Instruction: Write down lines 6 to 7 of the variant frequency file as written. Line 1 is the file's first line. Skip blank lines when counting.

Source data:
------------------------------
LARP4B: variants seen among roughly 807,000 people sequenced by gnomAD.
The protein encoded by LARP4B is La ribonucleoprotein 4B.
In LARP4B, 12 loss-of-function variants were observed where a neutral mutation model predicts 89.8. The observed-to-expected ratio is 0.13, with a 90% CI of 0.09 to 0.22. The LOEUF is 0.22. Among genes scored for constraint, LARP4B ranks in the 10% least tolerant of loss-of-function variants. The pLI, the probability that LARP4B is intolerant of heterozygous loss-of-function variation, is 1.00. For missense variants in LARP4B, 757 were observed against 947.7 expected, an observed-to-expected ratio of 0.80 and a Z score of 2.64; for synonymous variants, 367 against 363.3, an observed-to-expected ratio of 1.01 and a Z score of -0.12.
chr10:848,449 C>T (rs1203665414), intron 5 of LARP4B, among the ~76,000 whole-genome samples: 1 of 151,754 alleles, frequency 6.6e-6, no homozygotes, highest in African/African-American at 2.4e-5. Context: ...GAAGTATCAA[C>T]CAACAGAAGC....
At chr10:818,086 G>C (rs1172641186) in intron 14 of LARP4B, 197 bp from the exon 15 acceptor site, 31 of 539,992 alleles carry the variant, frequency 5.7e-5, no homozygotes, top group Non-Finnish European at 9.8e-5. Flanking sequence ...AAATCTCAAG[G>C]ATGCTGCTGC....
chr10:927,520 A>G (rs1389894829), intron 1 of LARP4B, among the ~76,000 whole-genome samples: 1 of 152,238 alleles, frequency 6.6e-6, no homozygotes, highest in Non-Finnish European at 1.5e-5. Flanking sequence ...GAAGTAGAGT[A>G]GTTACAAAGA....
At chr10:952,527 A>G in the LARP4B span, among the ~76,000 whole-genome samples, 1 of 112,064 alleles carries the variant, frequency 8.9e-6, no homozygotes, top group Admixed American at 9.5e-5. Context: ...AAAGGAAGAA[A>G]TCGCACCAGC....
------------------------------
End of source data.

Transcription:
chr10:927,520 A>G (rs1389894829), intron 1 of LARP4B, among the ~76,000 whole-genome samples: 1 of 152,238 alleles, frequency 6.6e-6, no homozygotes, highest in Non-Finnish European at 1.5e-5. Flanking sequence ...GAAGTAGAGT[A>G]GTTACAAAGA....
At chr10:952,527 A>G in the LARP4B span, among the ~76,000 whole-genome samples, 1 of 112,064 alleles carries the variant, frequency 8.9e-6, no homozygotes, top group Admixed American at 9.5e-5. Context: ...AAAGGAAGAA[A>G]TCGCACCAGC....